With the growing use of electronic cigarettes in global markets and age groups, public opinion on their use has ranged from acceptance as an alternative to other forms of smoking (and potentially as a smoking cessation aid) to growing concerns about long-term health effects, especially in teens. To cut through the noise it is vitally important to understand what medical professionals really think about “e-cigs” and the associated public health issues.
Last year, in an effort to broaden our collaborations with academic researchers, the MDigitalLife team at W2O Group collaborated with Dr. Gary Wilcox and Elizabeth Glowacki from the University of Texas Center for Health Communication and Moody College of Communication, to conduct a study of how physicians on Twitter might be discussing electronic cigarettes differently between the United States and the United Kingdom.
In this study, 5,516 social media posts were pulled from profiles in the MDigitalLife Health Ecosystem over a 1-year span (June 2015 to June 2016) and clustered by topic to assess differences between the two groups of physicians. We are pleased to announce that the study by lead author Elizabeth Glowacki was published in the February 2017 issue of Cyberpsychology, Behavior, and Social Networking, and is available at here. The abstract from the publisher’s website is available below:
Medical professionals are now relying on social media platforms like Twitter to express their recommendations for the use or avoidance of products like electronic cigarettes (e-cigs), which may have long-term health consequences for users. The goal of this study is to compare how physicians from the United States and the United Kingdom talk about e-cigs on Twitter and identify the topics that these groups perceive as salient. Comparing tweets from the U.S. and U.K. will allow for a better understanding of how medical professionals from these countries differ in their attitudes toward e-cigs. This information can be also used to inform policies designed to regulate the use of e-cigs. Using a text-mining program, we analyzed approximately 3,800 original tweets sent by physicians from the U.S. and the U.K. within a 1-year time span (June 2015 through June 2016). The program clustered the tweets by topics, which allowed us to categorize the topics by importance. Both sets of tweets contained debates about the degree to which e-cigs pose a threat to health, but the U.S. tweets emphasized the dangers of e-cig use for teens, while the U.K. tweets focused more on the potential that e-cigs have to be used as a smoking cessation aid. Doctors are using Twitter to share timely information about the potential risks, benefits, and regulations associated with e-cigs. Evaluating these tweets allows researchers to collect information about topics that doctors find important and make comparisons about how medical professionals from the U.S. and the U.K. regard e-cigs.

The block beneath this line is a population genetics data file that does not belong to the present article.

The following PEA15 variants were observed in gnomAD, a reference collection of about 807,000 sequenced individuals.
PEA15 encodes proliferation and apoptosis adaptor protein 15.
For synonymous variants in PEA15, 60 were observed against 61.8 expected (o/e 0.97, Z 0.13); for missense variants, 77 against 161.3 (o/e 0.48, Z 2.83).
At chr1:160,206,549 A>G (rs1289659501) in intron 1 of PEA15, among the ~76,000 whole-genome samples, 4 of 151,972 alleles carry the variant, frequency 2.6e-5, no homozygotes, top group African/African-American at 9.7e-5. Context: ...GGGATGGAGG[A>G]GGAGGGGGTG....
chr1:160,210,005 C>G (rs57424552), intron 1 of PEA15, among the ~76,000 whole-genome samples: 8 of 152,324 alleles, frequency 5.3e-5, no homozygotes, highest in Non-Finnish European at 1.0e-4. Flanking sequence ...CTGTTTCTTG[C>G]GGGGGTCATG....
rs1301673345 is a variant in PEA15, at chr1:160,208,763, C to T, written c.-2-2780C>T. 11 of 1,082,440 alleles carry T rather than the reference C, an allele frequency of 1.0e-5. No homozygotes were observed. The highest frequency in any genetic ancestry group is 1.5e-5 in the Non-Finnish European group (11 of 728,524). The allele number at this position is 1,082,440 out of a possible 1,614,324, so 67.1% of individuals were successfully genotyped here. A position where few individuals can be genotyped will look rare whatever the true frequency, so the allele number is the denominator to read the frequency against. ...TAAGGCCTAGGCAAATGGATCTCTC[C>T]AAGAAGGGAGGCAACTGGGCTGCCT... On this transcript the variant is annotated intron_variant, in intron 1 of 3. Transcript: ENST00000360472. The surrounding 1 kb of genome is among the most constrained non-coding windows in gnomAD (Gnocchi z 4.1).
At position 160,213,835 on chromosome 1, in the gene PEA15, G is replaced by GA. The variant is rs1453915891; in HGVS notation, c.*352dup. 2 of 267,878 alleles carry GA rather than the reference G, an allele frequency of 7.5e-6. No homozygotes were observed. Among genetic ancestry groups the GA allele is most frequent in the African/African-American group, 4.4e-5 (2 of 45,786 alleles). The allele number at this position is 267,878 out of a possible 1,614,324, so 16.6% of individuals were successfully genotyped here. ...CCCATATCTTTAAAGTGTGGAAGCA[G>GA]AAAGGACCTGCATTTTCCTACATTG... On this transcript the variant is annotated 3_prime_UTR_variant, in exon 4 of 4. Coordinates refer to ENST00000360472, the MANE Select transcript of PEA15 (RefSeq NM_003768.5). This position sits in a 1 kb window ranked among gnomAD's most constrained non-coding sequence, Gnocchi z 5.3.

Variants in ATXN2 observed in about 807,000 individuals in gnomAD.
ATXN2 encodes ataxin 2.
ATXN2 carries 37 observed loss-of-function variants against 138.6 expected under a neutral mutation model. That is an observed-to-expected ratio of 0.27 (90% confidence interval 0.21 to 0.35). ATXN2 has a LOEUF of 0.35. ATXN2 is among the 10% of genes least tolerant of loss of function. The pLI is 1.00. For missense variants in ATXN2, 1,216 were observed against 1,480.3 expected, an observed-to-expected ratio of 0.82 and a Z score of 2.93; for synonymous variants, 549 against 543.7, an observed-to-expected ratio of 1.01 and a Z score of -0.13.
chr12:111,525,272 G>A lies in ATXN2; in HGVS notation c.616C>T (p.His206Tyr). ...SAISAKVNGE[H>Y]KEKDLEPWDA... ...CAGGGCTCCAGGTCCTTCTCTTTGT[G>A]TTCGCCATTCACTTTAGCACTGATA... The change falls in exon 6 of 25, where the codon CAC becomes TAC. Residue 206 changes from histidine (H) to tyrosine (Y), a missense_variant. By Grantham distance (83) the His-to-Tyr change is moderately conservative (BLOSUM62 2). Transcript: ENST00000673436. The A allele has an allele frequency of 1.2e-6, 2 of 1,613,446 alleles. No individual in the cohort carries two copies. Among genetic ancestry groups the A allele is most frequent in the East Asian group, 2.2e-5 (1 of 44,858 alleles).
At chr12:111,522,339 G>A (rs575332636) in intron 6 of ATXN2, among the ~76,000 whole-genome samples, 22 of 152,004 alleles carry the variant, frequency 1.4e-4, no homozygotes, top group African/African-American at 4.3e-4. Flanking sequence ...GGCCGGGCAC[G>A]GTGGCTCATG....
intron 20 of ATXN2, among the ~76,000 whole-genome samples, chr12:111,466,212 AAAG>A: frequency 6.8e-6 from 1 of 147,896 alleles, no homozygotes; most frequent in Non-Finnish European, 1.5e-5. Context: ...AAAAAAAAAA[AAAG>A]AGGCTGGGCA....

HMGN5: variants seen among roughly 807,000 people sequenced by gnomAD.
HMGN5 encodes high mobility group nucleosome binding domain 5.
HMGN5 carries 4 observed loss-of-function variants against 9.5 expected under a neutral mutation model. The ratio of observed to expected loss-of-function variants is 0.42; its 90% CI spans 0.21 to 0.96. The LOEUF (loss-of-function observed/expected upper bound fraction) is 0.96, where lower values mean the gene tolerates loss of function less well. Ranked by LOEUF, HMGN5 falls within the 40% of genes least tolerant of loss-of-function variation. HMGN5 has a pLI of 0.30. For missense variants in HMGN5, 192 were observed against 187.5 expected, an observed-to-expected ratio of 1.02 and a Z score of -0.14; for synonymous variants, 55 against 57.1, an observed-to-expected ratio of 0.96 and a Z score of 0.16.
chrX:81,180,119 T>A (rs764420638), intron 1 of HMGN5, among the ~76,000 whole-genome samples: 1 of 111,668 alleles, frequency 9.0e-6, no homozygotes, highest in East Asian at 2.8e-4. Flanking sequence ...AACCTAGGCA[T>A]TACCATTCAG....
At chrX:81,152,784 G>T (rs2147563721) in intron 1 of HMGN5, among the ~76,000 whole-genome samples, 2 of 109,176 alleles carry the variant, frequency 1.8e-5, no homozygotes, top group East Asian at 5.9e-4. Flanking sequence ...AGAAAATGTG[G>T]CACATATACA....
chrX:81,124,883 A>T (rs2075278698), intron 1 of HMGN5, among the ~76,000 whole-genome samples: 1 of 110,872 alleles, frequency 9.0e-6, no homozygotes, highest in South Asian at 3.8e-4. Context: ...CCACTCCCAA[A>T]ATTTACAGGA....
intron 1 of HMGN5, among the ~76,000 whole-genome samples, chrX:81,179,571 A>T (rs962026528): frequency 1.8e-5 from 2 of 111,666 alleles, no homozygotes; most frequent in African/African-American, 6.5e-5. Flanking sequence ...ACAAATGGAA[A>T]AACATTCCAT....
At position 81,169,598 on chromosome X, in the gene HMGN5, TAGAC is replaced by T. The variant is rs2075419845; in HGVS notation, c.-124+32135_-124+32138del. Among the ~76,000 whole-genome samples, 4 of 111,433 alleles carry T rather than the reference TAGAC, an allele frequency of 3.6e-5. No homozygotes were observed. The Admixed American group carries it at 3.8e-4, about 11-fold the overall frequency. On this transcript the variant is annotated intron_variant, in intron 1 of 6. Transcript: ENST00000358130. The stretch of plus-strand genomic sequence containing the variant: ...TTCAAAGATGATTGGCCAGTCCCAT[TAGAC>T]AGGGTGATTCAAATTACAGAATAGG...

Several interesting findings emerged from the study. US physicians tended to post more frequently about concerns over teen e-cig usage, and FDA regulations for e-cigs. A recent study on high school students in Connecticut has underscored some of the concern in the US over teen e-cig usage and the need for improved regulations. However, UK physicians tended to not focus on teen usage, and instead tweeted more frequently about using e-cigs as a smoking cessation aid and as an alternative to other forms of tobacco use. A broadly publicized recent study in the UK found that e-cig users had much lower levels of certain toxins and ties into regional campaigns to bill e-cigs as a healthier alternative to certain types of smoking.
It is strongly in the public’s interest to be aware of differences (regional or otherwise) in the online messaging around public health issues by healthcare providers. The MDigitalLife team is proud to help with important research into physician online discussions, and we look forward to more exciting collaborations in the future.
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To learn more about MDigitalLife’s Online Health Ecosystem Database and we can help you to understand (and ultimately engage) the audiences you care about, contact us!